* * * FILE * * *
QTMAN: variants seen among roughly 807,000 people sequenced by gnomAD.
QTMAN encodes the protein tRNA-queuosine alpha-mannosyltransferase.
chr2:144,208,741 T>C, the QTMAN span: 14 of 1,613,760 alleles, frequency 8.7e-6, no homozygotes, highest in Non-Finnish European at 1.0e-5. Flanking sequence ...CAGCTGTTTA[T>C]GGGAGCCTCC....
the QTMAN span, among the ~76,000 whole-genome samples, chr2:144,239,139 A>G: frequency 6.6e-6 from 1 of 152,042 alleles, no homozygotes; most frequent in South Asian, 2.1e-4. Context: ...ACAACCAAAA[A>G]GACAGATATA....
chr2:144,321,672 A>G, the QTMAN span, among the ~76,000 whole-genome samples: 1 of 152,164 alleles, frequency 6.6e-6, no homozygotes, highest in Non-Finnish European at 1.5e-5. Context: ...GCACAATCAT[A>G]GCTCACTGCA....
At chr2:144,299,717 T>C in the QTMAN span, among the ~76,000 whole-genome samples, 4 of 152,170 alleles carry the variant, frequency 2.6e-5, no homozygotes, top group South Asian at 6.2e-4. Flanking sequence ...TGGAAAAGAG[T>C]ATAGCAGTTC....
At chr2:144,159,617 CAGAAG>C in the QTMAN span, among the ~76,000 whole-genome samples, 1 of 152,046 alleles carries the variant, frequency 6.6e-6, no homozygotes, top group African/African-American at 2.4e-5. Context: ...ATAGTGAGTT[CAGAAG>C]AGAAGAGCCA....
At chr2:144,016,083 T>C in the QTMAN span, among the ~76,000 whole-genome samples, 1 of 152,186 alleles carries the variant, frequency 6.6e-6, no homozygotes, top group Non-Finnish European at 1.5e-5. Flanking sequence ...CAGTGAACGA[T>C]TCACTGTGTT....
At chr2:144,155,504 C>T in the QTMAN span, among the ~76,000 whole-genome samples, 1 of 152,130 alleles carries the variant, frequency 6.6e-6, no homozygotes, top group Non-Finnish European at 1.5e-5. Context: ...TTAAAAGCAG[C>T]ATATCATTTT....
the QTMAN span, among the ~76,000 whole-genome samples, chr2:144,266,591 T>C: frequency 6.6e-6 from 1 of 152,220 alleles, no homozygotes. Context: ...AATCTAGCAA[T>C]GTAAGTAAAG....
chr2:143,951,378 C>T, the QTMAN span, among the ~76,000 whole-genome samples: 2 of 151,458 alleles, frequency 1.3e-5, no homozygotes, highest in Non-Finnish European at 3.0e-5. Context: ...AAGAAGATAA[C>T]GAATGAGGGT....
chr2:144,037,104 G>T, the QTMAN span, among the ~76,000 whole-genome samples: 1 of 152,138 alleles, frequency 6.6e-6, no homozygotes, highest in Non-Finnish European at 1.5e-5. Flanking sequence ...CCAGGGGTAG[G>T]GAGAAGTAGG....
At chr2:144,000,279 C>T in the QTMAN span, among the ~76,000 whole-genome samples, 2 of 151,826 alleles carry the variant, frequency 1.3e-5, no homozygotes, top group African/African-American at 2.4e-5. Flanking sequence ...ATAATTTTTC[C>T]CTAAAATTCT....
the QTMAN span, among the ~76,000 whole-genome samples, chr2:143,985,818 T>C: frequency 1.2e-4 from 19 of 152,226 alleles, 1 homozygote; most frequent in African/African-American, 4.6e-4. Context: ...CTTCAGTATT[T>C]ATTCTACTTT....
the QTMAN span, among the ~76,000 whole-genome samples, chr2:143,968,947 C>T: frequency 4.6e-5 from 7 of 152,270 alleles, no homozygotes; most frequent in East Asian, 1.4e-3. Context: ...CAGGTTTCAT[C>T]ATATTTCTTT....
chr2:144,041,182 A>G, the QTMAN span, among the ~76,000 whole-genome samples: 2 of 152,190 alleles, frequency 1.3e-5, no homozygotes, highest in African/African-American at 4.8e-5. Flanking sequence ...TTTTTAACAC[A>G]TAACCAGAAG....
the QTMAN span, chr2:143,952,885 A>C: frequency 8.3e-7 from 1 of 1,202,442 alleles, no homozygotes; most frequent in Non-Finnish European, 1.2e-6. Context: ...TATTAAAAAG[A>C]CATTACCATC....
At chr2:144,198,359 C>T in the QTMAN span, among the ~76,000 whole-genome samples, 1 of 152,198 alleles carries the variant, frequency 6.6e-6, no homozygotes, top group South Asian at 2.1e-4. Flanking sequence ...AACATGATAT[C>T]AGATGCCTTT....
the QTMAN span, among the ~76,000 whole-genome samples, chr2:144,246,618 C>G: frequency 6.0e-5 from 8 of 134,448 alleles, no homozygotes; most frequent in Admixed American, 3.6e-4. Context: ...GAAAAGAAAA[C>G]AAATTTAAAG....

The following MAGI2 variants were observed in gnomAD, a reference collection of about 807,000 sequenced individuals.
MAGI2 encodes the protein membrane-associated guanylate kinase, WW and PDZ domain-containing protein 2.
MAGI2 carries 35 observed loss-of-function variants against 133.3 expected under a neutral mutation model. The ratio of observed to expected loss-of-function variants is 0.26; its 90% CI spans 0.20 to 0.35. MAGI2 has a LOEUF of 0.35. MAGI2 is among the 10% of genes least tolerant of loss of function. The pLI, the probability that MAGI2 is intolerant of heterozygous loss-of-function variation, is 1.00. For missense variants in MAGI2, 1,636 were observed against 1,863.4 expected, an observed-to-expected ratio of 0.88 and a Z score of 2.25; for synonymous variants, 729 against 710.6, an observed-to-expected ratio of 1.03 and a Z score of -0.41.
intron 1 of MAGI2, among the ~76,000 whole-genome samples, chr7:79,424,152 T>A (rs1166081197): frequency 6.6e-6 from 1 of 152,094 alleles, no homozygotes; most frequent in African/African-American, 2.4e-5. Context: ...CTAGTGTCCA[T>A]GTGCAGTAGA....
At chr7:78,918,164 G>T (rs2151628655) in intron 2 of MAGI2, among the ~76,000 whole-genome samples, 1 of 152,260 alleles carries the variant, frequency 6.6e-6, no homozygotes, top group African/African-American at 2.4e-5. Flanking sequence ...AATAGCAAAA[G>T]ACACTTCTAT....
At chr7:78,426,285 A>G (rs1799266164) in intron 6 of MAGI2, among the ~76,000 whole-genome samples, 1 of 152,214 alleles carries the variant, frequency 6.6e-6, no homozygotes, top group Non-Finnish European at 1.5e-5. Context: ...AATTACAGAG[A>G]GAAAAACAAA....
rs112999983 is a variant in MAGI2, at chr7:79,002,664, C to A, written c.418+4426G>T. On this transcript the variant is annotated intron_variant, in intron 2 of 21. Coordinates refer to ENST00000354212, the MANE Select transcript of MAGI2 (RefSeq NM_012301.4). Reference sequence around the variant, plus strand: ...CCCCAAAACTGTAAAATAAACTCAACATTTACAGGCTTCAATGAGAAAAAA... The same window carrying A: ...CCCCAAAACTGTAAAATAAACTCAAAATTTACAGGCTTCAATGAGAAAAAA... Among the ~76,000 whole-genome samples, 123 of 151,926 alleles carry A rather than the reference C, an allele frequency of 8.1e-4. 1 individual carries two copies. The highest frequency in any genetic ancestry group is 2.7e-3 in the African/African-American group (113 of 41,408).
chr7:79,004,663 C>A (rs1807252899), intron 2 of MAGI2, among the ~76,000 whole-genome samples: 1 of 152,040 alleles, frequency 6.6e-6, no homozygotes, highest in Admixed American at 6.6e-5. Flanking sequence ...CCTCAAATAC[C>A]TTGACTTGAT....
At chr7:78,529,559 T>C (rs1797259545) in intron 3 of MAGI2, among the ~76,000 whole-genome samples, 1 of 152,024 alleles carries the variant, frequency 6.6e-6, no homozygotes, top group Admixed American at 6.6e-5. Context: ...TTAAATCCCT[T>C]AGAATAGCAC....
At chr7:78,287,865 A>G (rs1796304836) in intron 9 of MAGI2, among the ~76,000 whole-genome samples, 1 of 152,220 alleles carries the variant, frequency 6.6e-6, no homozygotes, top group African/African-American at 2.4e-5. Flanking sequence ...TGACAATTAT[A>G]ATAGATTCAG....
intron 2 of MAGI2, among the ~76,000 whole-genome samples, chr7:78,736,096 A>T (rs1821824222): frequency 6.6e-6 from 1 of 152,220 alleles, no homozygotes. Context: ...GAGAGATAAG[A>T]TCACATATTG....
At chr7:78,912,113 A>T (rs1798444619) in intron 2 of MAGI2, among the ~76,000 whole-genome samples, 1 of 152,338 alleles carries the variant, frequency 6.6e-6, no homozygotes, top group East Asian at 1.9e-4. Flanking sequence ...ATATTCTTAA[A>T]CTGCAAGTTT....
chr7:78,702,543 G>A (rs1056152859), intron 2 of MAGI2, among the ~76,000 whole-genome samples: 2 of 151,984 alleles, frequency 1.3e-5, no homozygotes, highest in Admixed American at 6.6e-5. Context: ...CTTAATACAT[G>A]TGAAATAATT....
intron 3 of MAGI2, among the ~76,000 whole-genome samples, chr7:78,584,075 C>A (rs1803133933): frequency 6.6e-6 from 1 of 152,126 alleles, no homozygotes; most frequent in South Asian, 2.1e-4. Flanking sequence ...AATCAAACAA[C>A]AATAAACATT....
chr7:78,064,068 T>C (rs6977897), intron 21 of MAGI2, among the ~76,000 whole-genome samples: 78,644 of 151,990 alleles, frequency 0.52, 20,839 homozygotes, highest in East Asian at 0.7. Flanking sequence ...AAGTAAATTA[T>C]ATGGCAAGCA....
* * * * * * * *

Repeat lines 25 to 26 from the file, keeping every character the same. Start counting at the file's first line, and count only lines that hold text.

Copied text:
At chr7:78,426,285 A>G (rs1799266164) in intron 6 of MAGI2, among the ~76,000 whole-genome samples, 1 of 152,214 alleles carries the variant, frequency 6.6e-6, no homozygotes, top group Non-Finnish European at 1.5e-5. Context: ...AATTACAGAG[A>G]GAAAAACAAA....
rs112999983 is a variant in MAGI2, at chr7:79,002,664, C to A, written c.418+4426G>T. On this transcript the variant is annotated intron_variant, in intron 2 of 21. Coordinates refer to ENST00000354212, the MANE Select transcript of MAGI2 (RefSeq NM_012301.4). Reference sequence around the variant, plus strand: ...CCCCAAAACTGTAAAATAAACTCAACATTTACAGGCTTCAATGAGAAAAAA... The same window carrying A: ...CCCCAAAACTGTAAAATAAACTCAAAATTTACAGGCTTCAATGAGAAAAAA... Among the ~76,000 whole-genome samples, 123 of 151,926 alleles carry A rather than the reference C, an allele frequency of 8.1e-4. 1 individual carries two copies. The highest frequency in any genetic ancestry group is 2.7e-3 in the African/African-American group (113 of 41,408).